Thursday, October 31, 2013

What’s in a name? Part 1: Honey Mama

 I am here to romp, roam, and run the trails in this wild place and reclaim the wild within myself, with my four-legged sidekicks Honey Bearskins Rug,a mutt German Sheprador Hound and our Blues Heeler, Petzl, at my side.

In effort to find a way back in time, in order to deal with life moving forward at a swift and rapid pace.  

I am here to claim my place in The Wild.  

Honey Mama represents the boldest, bravest, most adventurous personification of myself.  

Let’s be clear about something, there are things Honey Mama can do, or should I say has the balls to try, that my normal every-day city-girl-at-heart self is in no way capable of considering, attempting, or executing.  

Examples include: stepping out my front door on a family hike following along game trails deep into the woods, firing a .44, .22 (any firearm really); ripping apart a spruce hen with my bare hands, holding a still-warm tiny heart in my hands, and cooking it up for dinner in a cast iron pot on an eight burner beast of a wood-fired cook stove; holding down The Lodge for an overnight with the kids while the husband is “In Town”; and the simple act of being solitary in the woods.  Honey Mama is that voice that tells fear and doubt to shut the hell up and gives me the courage to try something wild.  

Honey Mama is one of the mom-inspired names my son George proudly bestowed upon me around the time he turned three.  A combination of the most often used pet name my husband has given me, Honey and marrying that to the Mama in me, and Honey Mama was born.  I thought George might call me that for a week or two, then forget about it and the sweet nickname would fade into the mist of memory and somehow be forgotten. 

Honey Mama quickly became a favorite title for both 
of my kids to call me and it started to stick.  

When we were in the early stages of orchestrating our big move I knew I wanted to blog about it, but I have never written a blog before and even the smallest steps felt like long, slow hill climbs. I spent a fair ridiculous amount of time brainstorming ideas for blog names and came up with all sorts of titles that described specific aspects of my life, compartments.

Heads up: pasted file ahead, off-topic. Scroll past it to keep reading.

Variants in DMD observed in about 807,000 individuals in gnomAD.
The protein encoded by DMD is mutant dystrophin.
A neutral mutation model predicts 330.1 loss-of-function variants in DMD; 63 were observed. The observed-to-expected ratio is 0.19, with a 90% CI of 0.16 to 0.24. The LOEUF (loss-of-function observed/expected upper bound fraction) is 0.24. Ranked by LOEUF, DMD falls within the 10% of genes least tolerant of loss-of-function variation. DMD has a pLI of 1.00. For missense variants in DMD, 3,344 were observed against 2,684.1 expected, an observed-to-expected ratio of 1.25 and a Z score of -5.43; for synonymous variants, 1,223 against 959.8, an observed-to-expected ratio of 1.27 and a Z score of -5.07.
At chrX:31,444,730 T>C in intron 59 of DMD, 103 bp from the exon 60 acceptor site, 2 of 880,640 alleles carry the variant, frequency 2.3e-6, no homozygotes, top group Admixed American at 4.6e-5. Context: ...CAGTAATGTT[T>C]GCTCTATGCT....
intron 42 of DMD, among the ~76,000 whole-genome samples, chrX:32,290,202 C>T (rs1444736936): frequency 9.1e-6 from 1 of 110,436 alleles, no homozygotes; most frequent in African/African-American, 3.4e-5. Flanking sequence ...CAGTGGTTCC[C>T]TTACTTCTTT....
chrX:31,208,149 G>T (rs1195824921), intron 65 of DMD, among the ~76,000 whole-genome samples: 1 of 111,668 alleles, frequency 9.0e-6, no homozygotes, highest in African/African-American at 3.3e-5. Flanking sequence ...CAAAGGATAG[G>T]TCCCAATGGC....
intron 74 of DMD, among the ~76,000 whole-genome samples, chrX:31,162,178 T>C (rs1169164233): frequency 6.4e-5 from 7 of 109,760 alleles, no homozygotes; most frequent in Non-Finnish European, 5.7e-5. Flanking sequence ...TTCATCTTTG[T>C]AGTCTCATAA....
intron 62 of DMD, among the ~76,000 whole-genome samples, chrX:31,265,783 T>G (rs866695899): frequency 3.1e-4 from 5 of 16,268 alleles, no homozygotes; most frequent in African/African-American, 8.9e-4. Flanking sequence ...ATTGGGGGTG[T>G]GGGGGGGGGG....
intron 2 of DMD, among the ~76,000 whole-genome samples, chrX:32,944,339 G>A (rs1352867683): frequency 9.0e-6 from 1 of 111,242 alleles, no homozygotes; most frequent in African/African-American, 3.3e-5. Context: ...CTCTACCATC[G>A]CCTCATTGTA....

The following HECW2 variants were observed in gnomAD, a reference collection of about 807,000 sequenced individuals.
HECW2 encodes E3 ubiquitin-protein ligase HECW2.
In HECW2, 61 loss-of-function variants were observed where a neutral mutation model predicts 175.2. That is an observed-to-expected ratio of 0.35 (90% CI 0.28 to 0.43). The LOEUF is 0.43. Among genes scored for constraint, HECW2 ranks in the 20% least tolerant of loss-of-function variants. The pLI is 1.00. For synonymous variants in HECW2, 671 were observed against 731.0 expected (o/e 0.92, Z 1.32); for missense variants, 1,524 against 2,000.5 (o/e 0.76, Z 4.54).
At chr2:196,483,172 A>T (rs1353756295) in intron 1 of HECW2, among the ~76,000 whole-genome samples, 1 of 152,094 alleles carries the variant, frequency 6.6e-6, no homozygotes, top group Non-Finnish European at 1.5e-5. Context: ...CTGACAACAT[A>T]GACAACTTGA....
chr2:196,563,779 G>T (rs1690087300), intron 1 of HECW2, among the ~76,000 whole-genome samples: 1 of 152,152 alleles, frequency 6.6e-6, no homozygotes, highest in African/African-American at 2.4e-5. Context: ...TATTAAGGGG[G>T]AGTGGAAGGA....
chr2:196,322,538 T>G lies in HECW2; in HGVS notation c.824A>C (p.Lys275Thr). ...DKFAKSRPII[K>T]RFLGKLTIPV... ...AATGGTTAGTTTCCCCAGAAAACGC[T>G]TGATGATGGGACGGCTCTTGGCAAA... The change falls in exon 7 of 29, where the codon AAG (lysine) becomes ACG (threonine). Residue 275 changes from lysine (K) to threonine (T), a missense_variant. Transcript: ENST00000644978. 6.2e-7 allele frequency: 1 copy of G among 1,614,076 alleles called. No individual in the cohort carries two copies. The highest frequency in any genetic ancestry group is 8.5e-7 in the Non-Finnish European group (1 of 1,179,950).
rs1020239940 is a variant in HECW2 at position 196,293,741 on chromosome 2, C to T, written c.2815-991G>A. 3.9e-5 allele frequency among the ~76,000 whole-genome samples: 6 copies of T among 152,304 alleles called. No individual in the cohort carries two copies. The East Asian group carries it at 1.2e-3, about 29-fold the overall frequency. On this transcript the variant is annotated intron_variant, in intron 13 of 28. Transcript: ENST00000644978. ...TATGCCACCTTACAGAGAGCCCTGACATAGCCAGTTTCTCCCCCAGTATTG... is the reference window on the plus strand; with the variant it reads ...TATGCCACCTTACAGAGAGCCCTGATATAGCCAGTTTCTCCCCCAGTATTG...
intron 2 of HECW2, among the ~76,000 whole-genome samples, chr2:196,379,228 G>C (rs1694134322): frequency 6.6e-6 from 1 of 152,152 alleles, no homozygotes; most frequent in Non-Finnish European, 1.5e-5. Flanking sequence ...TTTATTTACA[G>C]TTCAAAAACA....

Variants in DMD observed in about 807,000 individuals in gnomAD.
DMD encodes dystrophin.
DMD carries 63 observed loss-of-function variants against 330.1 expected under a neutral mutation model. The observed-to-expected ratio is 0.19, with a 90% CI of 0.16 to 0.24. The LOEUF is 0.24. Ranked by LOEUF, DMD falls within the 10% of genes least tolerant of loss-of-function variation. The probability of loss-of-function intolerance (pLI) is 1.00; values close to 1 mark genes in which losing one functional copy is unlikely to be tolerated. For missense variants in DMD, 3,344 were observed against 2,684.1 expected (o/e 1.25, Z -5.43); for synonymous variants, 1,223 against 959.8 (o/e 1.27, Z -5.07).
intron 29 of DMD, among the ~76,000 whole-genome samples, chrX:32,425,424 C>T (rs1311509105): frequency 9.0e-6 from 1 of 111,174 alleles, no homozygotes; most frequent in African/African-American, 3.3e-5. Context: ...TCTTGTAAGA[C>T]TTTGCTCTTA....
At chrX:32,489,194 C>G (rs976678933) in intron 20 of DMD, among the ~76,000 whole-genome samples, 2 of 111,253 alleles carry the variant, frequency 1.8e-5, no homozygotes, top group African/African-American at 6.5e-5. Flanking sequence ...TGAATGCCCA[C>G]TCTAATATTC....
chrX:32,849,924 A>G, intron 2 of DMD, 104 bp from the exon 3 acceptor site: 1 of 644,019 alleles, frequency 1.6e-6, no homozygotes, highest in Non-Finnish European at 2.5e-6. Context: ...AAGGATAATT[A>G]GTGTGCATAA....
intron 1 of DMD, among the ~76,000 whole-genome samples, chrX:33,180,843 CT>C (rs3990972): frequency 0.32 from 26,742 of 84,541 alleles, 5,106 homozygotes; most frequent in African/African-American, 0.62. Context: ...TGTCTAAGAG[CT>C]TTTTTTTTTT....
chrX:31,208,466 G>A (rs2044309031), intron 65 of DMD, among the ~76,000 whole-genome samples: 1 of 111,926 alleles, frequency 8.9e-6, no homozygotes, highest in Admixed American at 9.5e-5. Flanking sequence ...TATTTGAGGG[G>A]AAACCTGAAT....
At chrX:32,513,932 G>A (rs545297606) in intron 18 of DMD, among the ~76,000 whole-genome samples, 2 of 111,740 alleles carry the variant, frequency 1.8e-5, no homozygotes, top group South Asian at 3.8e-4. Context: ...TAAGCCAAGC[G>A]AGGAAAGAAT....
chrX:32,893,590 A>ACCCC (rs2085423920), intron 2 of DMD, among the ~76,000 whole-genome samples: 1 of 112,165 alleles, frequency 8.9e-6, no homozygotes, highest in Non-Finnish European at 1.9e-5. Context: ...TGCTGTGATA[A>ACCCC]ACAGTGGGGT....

Running.  Cooking.  Mothering. Crafting. Writing. Reading. Music. Following your bliss.  Living an inspired life.  Yearning for Wilderness.  Childhood dreams and the maddening pursuit of life, liberty, freedom -- destiny.  

Every idea I had represented something, but no idea represented everything.  I was challenged with the task of coming up with a title that encompasses what I envision this journey to be about, before I even took one step out our front door into the cul-de-sac and headed into The Wild.  I finally decided to stop driving myself crazy procrastinating and chose a "temporary title", a place holder until something "good" came along.  I  picked something close to my heart, something that made me smile and think of the sweet way George and Maya say "Honey Mama".  I created the blog page and used the title as a place holder for formatting and made a note to dream up something better in the meantime. I didn't tell anyone about the title, the existence, the birth of The Blog, but it was the first step in finding my new place in the world.  Putting something down on paper and running with it if the feeling is right, no matter how flawed and imperfect it may be, and moving forward.  
Once the moving truck was loaded and the last box packed we came down with a wicked cold and I had a lot of time to lay there and question my existence.  I spent the time horizontal, unable to move, uncomfortably resting on camp mats, in an empty house, waiting on the closing of the three real estate transactions that were orchestrated delicately.  I called it The House of Cards.  In the end the transactions happened 3 weeks late and somehow managed to close within 24 hours of each other. I signed the closing documents for the sale of The Labrador House with a 102.6 fever, and declared that my final streaking day. I had been running a minimum of one mile per day since Thanksgiving (2012).  I used the feverish haze to my advantage and brainstormed random and seemingly useless thoughts about what I wanted this blog to be:  
Is it about living in a little log house on the edge of 13,175,799 acres of National Park and Preserve?  The literal edge of the last frontier, or; 

Reclaiming the lost knowledge of hunting, gathering, trapping, and subsisting

Staying in touch with family and friends? 

Cooking a broad assortment of foods ranging from vegan to heavily carnivorous, glutenized to gluten-freesavory and sweet?  

Handcrafting unique items with a ball of yarn and two sticks, a vintage sewing machine and freecycled craft supplies, and repurposed objects

Was it about the journey to claim ones destiny, following Wilder Childhood Dreams of being Laura

Or was I here to tell my story of a previously life: me as a sedentary, overweight, out of shape, non-athletic, wild animal fearing city girl transitioning into a trail running, bear aware woman of the wild, pushing up against the very limits my physical and mental experience with the end goal of running Ultra Marathon distances, for fun? 

Or was it going to be about the nuances of rural living presented as a compare and contrast narrative, featuring our attempts to figure out how to survive out here, despite what some might argue is a lack of general knowledge common sense in the art of rural Alaskan living and the act of survival, with two kids ages 4 and 5 along for the ride?
In the end, I decided it was about all of these things and all the undiscovered bits and pieces that will be revealed along The Journey.  There was no way I could condense, compartmentalize, or whittle this wild smattering of interests, passion and madness down into a neat, perfect little package. So I just went with it.